If we want to apply the Volume to future PWD DSD 1bit format :) with gain G = 0.25 the resulting output (1bit signal multiplied by G) is a MultiBit word.
Hence, any signal processing for DSD is always consisting
of a cascade of the actual processing step, followed by a re-quantization.

#16
Alekz said: But for now it must be supported by players.

It will continue to be fun to watch what happens with these products. DSD has become important in a marketing sense, but there are also more sites selling DSD files than before.

Audiophiles are no longer put off by large file sizes with the availability of inexpensive drives and the market for high resolution PCM is certainly growing. Perhaps DSD will tag along.

I see no downside to more music available in more formats. :)

#17

IMO, DSF sounds great, in general the best digital I’ve heard.



Using a Synology NAS and an Auraliti PK90, I am able to stream PCM, DSD64, DSD128 and DXD to an Auralic DAC.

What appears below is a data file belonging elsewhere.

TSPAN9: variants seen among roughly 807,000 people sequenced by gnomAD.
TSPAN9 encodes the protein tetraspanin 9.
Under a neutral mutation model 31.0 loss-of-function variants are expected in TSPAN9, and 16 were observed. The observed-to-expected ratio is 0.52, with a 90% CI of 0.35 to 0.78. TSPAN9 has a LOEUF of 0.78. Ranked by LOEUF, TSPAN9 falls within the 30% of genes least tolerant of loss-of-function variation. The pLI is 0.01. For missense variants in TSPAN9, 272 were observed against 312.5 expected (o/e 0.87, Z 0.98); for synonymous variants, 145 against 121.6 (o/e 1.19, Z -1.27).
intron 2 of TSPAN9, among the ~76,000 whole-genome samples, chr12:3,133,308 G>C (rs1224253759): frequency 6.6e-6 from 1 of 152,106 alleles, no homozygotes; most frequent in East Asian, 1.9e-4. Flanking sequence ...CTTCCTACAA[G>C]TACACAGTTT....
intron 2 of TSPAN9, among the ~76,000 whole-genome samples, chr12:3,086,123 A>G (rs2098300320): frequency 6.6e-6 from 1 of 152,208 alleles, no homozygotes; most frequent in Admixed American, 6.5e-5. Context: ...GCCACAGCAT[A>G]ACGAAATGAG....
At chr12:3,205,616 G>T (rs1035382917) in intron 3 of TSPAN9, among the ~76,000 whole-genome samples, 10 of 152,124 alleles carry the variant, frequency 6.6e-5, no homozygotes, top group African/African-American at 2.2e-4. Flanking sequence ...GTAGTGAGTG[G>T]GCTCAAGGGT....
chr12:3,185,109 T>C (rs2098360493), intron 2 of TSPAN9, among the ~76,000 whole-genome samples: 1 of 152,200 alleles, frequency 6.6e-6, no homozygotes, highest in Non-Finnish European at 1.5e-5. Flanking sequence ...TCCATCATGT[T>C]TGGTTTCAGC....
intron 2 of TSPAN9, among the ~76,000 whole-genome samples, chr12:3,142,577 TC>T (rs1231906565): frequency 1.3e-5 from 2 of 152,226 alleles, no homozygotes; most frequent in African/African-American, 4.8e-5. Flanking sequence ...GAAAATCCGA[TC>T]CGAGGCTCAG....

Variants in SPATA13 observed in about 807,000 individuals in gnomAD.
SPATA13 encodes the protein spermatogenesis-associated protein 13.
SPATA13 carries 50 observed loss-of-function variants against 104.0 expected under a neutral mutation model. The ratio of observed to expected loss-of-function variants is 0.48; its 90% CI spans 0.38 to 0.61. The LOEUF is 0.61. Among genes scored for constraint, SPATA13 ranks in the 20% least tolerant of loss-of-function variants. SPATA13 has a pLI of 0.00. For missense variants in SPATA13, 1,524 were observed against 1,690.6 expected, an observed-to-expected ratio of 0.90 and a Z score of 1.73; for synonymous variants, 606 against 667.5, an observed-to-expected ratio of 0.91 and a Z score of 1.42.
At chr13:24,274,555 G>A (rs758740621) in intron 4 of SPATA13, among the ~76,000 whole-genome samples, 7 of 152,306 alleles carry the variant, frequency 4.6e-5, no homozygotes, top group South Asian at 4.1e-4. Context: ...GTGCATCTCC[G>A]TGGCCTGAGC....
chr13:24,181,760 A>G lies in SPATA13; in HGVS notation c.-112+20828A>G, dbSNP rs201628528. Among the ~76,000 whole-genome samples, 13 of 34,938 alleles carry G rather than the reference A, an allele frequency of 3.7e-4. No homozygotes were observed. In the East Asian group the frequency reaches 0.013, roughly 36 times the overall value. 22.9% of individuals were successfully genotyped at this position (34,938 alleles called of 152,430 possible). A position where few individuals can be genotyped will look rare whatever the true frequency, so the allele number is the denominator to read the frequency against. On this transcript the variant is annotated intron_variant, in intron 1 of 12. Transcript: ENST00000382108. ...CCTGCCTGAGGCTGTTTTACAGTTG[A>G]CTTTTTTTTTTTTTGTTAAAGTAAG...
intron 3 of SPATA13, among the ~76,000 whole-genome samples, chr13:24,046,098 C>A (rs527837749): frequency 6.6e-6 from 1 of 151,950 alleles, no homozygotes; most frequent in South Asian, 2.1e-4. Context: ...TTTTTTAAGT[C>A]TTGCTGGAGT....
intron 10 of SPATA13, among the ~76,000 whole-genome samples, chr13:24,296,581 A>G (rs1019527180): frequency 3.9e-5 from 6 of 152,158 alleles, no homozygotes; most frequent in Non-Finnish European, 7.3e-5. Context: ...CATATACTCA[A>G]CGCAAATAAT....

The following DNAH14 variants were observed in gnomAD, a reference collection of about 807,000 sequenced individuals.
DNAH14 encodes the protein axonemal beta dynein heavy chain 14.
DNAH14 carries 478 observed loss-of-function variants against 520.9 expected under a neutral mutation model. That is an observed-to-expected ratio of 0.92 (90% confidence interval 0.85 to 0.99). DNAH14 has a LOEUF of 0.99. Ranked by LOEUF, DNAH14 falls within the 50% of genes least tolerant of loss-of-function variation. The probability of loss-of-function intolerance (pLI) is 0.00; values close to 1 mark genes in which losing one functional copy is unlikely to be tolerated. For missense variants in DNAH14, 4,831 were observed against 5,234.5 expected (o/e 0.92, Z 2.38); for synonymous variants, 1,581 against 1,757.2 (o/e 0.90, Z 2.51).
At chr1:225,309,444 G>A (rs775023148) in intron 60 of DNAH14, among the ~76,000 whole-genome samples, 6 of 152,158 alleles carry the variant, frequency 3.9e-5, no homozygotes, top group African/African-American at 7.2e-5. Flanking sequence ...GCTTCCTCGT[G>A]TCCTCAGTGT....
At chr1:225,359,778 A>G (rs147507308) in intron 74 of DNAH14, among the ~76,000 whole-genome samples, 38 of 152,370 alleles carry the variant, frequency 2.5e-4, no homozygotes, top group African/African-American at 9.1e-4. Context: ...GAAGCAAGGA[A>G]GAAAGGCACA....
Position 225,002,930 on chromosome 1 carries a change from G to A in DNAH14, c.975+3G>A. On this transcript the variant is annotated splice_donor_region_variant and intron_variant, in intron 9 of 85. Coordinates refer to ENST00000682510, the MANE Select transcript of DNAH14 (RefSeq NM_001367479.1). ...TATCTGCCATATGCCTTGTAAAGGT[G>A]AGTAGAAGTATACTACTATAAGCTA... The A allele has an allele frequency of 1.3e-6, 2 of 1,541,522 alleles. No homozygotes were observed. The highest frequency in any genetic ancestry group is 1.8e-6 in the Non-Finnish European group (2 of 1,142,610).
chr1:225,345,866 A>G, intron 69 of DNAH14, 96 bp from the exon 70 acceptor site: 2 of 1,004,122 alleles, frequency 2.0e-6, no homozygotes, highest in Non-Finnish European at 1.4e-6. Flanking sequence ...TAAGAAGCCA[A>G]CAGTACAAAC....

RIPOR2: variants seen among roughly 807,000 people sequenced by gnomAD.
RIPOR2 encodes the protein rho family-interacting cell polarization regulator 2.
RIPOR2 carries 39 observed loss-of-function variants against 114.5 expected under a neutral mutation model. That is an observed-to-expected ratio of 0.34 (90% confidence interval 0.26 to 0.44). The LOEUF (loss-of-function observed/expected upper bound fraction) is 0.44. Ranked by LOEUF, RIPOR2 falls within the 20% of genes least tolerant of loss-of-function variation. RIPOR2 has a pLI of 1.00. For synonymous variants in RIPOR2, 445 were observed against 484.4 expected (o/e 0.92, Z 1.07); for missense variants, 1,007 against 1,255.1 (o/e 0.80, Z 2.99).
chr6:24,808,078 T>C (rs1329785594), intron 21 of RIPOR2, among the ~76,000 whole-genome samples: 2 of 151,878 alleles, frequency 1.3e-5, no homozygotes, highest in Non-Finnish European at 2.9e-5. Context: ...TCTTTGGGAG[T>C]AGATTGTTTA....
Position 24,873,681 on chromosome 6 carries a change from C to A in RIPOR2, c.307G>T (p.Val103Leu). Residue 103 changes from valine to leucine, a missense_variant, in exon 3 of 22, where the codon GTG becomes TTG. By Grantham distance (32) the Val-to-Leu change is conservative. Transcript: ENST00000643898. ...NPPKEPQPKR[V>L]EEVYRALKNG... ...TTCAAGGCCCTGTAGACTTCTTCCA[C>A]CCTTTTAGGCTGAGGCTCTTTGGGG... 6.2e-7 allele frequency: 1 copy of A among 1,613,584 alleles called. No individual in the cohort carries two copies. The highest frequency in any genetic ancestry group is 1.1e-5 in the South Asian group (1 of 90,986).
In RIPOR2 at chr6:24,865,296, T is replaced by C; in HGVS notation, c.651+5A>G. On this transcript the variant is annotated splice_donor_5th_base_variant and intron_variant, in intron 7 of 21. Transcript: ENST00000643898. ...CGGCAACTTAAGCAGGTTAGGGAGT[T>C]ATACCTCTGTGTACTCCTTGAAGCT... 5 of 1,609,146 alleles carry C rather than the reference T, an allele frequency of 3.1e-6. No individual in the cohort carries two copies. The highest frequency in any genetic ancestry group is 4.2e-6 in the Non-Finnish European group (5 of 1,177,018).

Using an IOS app, MPAD, provides a great way to choose with the one library having all the types of files.



It helps to be able to extract the DSF files from an SACD, of course.


#18
Alekz said: But for now it must be supported by players

99% of the DSD recordings, doubles in the market by differnent types of PCM formats.
And most of the DACs, with DSD input, converts it to PCM prior to D/A conversion.


#19
valer_valer said: And most of the DACs, with DSD input, converts it to PCM prior to D/A conversion.

And xx% of DSD records are upconverts from 16/44 :D

The thing is, the DSD support is one of the marketing musthaves. Usually that satisfies yy% of the customers. But 100-yy% customers will go one step further and ask how the DSD support is implemented ;)

On the other hand, dCS DACs (up)convert PCM to DSD and they claim that this conversion does make an audible difference. Can't confirm, I've heard the dCS stacks (in the PCM-to-DSD mode), but never tested native PCM vs PCM upconverted to DSD.

#20
IMO, DSF sounds great, in general the best digital I've heard.

Using a Synology NAS and an Auraliti PK90, I am able to stream PCM, DSD64, DSD128 and DXD to an Auralic DAC.

Using an IOS app, MPAD, provides a great way to choose with the one library having all the types of files.

It helps to be able to extract the DSF files from an SACD, of course.

Nice :)
Do you have a small latency when adjusting volume from the remote app?
On my Lumin the volume control needs to be toggled on every time I want to adjust volume on the source.
This only counts for DSD.